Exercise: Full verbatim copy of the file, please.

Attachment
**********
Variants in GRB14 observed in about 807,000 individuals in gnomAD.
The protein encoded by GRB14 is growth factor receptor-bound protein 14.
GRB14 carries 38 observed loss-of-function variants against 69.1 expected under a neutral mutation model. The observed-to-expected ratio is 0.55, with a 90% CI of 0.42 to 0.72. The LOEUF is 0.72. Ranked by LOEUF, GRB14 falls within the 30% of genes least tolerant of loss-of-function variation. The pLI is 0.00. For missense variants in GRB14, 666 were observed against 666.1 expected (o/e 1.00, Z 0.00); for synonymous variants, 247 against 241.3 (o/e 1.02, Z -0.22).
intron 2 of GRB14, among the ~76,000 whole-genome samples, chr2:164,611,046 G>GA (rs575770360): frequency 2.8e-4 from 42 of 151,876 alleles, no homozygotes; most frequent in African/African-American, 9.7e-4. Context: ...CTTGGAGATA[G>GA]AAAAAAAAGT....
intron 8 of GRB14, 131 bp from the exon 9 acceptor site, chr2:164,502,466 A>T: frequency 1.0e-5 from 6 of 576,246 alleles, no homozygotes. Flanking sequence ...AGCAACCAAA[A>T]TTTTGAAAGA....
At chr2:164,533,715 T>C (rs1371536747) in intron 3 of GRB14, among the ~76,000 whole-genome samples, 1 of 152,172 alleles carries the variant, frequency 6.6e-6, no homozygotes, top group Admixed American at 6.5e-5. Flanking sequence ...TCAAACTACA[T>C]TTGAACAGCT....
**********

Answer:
Variants in GRB14 observed in about 807,000 individuals in gnomAD.
The protein encoded by GRB14 is growth factor receptor-bound protein 14.
GRB14 carries 38 observed loss-of-function variants against 69.1 expected under a neutral mutation model. The observed-to-expected ratio is 0.55, with a 90% CI of 0.42 to 0.72. The LOEUF is 0.72. Ranked by LOEUF, GRB14 falls within the 30% of genes least tolerant of loss-of-function variation. The pLI is 0.00. For missense variants in GRB14, 666 were observed against 666.1 expected (o/e 1.00, Z 0.00); for synonymous variants, 247 against 241.3 (o/e 1.02, Z -0.22).
intron 2 of GRB14, among the ~76,000 whole-genome samples, chr2:164,611,046 G>GA (rs575770360): frequency 2.8e-4 from 42 of 151,876 alleles, no homozygotes; most frequent in African/African-American, 9.7e-4. Context: ...CTTGGAGATA[G>GA]AAAAAAAAGT....
intron 8 of GRB14, 131 bp from the exon 9 acceptor site, chr2:164,502,466 A>T: frequency 1.0e-5 from 6 of 576,246 alleles, no homozygotes. Flanking sequence ...AGCAACCAAA[A>T]TTTTGAAAGA....
At chr2:164,533,715 T>C (rs1371536747) in intron 3 of GRB14, among the ~76,000 whole-genome samples, 1 of 152,172 alleles carries the variant, frequency 6.6e-6, no homozygotes, top group Admixed American at 6.5e-5. Flanking sequence ...TCAAACTACA[T>C]TTGAACAGCT....